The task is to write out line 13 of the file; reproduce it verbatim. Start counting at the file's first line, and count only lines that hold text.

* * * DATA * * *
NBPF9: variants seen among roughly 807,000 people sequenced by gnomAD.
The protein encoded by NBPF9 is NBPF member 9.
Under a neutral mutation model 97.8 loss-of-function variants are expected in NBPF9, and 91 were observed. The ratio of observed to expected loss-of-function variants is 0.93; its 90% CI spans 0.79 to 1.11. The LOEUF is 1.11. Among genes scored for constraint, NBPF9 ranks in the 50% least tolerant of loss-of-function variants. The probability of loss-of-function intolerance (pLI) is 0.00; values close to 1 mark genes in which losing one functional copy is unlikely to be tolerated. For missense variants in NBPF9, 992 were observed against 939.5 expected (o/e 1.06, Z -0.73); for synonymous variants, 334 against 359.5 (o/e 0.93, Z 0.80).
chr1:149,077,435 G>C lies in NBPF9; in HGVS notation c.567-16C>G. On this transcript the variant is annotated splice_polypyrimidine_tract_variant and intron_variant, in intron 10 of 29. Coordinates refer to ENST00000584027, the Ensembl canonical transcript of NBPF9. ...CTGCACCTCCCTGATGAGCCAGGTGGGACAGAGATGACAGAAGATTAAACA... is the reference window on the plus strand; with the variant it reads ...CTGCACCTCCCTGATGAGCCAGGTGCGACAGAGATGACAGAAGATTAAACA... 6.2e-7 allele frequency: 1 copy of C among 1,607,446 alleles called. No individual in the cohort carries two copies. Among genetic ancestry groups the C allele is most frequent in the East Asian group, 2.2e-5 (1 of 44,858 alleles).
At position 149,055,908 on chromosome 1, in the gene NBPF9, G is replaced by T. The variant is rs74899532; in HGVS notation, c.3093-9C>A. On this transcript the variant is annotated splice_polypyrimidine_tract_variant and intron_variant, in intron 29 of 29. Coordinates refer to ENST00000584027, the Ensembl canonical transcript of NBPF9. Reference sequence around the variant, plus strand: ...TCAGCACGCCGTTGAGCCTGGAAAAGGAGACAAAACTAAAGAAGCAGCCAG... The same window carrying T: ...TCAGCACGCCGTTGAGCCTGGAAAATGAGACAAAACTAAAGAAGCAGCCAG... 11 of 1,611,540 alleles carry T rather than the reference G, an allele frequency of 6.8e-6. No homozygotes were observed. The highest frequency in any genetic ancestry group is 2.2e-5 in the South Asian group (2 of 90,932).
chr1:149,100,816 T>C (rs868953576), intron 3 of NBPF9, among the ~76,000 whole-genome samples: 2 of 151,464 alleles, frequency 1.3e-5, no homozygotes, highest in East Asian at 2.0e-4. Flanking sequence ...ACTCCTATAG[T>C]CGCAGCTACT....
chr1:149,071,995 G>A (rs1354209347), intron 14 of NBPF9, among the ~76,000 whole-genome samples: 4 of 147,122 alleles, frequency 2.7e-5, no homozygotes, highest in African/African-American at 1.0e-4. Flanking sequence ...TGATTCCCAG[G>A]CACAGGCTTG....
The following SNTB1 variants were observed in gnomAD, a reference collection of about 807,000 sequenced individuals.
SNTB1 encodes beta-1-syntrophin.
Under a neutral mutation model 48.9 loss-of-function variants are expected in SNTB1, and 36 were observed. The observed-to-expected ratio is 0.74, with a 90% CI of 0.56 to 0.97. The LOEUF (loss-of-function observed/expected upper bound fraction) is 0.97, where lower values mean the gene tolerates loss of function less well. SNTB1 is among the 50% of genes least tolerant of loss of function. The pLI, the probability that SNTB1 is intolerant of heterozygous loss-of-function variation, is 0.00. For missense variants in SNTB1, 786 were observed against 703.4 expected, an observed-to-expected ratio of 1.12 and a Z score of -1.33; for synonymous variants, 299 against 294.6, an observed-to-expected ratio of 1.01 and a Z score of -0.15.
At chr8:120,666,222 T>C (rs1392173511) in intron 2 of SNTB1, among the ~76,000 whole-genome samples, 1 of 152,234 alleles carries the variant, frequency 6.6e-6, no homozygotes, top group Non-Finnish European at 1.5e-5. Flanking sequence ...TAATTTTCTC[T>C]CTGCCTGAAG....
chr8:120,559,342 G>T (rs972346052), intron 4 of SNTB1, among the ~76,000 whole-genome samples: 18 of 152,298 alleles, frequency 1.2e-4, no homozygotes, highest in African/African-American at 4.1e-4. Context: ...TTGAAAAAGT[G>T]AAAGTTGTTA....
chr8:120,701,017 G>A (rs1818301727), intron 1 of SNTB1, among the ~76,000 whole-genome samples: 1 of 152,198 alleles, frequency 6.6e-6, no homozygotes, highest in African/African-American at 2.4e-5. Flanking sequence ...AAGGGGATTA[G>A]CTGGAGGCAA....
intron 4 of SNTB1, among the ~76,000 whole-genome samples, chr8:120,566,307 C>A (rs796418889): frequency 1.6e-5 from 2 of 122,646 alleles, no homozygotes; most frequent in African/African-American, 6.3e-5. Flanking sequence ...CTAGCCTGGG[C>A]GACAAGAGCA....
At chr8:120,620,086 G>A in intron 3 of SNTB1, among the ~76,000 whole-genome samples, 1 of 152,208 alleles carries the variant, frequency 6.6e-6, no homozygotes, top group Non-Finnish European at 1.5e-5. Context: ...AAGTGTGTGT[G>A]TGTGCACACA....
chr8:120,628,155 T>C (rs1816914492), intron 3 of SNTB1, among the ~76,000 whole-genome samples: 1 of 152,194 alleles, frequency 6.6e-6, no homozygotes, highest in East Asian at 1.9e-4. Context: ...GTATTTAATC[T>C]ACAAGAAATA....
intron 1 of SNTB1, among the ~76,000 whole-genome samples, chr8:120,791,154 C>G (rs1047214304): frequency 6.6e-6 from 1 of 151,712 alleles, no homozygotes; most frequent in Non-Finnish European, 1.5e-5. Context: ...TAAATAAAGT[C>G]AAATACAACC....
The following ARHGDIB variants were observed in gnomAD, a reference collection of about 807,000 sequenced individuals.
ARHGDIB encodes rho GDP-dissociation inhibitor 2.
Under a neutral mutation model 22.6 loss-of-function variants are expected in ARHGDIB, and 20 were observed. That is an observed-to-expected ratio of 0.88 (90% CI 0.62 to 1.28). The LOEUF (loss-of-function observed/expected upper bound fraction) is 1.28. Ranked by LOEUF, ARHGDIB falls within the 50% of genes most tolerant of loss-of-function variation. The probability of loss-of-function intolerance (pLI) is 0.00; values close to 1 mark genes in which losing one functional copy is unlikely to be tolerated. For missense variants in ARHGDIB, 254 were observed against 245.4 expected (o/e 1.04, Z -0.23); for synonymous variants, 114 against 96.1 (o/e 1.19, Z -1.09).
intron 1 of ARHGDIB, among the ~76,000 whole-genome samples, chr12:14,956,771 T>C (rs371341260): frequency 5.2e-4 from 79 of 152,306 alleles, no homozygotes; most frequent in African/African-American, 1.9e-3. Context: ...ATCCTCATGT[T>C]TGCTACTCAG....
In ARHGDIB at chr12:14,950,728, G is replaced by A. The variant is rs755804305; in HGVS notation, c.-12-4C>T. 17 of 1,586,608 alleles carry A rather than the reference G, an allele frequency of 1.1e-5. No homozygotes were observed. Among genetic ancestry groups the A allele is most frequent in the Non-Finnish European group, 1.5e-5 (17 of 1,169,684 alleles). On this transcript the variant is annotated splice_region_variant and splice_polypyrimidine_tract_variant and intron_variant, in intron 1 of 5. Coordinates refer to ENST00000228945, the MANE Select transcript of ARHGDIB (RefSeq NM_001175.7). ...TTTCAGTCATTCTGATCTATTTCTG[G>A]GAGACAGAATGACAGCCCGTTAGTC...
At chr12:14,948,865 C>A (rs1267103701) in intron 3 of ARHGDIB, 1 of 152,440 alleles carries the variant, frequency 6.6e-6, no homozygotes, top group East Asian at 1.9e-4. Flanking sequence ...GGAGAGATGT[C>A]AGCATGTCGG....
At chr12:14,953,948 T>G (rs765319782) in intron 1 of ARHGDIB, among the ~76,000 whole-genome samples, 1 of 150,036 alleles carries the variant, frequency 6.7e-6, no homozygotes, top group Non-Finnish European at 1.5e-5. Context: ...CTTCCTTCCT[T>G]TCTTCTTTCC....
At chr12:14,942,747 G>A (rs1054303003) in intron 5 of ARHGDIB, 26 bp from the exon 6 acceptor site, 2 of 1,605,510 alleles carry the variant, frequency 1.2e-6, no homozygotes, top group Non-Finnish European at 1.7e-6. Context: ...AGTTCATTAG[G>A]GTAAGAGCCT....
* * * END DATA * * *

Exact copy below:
chr8:120,701,017 G>A (rs1818301727), intron 1 of SNTB1, among the ~76,000 whole-genome samples: 1 of 152,198 alleles, frequency 6.6e-6, no homozygotes, highest in African/African-American at 2.4e-5. Flanking sequence ...AAGGGGATTA[G>A]CTGGAGGCAA....